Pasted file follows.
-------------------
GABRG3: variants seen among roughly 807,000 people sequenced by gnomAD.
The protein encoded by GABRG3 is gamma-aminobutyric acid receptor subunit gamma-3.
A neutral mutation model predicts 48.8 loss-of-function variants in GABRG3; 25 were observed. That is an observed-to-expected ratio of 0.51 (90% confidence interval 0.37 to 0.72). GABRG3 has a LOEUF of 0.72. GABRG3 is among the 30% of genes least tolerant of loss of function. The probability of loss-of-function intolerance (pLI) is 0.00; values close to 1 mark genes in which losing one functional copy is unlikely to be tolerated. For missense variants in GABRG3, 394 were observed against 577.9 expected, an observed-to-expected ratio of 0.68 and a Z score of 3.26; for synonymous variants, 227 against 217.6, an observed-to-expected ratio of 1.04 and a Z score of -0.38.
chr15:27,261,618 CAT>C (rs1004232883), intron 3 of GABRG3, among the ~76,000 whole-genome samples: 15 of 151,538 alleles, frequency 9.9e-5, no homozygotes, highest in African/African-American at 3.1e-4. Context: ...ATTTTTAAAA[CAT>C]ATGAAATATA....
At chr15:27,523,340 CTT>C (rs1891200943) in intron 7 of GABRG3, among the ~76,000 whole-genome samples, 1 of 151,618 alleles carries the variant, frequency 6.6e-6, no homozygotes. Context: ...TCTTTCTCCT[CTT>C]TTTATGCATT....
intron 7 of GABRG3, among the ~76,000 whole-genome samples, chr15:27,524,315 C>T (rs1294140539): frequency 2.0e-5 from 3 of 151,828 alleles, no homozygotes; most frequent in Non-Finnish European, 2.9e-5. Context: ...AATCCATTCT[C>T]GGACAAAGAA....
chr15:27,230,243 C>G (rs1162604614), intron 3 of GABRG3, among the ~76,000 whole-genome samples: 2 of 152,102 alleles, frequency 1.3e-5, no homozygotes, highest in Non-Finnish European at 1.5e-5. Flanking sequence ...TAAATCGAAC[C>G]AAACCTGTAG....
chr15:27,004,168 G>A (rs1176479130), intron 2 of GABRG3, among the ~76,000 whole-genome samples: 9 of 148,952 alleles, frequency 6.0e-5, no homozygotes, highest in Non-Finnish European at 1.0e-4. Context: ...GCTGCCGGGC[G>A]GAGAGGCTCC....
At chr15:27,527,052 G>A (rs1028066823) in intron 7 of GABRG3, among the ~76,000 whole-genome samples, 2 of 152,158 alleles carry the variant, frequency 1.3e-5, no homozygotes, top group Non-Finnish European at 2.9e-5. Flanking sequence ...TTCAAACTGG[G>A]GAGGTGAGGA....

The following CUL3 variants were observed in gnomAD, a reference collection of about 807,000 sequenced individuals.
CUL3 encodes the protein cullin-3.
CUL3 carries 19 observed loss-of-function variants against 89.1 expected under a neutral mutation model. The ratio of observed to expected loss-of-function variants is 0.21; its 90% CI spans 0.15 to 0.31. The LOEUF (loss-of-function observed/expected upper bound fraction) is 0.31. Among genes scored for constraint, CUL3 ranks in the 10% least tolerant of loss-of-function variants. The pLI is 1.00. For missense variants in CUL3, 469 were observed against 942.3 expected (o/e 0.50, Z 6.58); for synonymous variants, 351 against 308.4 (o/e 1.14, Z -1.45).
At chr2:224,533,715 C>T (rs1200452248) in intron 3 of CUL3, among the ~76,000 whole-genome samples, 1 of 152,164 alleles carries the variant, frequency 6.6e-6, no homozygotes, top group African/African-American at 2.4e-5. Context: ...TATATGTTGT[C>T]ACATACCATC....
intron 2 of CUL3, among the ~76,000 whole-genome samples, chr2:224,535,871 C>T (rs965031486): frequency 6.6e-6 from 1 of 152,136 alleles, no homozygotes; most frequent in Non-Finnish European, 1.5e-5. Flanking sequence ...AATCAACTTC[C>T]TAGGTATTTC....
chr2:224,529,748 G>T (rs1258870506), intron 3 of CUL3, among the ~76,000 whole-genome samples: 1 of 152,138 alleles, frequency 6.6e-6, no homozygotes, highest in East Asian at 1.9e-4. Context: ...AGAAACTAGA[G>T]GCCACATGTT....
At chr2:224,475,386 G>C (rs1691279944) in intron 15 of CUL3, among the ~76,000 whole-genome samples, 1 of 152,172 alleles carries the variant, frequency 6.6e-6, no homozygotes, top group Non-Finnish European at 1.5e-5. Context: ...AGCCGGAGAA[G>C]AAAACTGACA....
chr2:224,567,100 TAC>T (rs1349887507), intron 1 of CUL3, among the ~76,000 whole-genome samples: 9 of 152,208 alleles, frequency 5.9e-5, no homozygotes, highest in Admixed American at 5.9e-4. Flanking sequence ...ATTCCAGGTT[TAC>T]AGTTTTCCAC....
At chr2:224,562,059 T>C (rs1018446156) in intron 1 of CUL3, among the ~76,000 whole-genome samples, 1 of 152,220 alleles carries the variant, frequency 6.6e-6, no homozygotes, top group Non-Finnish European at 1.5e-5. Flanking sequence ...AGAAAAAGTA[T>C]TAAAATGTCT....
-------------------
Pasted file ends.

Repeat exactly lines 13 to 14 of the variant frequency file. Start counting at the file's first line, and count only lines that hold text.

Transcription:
At chr2:224,533,715 C>T (rs1200452248) in intron 3 of CUL3, among the ~76,000 whole-genome samples, 1 of 152,164 alleles carries the variant, frequency 6.6e-6, no homozygotes, top group African/African-American at 2.4e-5. Context: ...TATATGTTGT[C>T]ACATACCATC....
intron 2 of CUL3, among the ~76,000 whole-genome samples, chr2:224,535,871 C>T (rs965031486): frequency 6.6e-6 from 1 of 152,136 alleles, no homozygotes; most frequent in Non-Finnish European, 1.5e-5. Flanking sequence ...AATCAACTTC[C>T]TAGGTATTTC....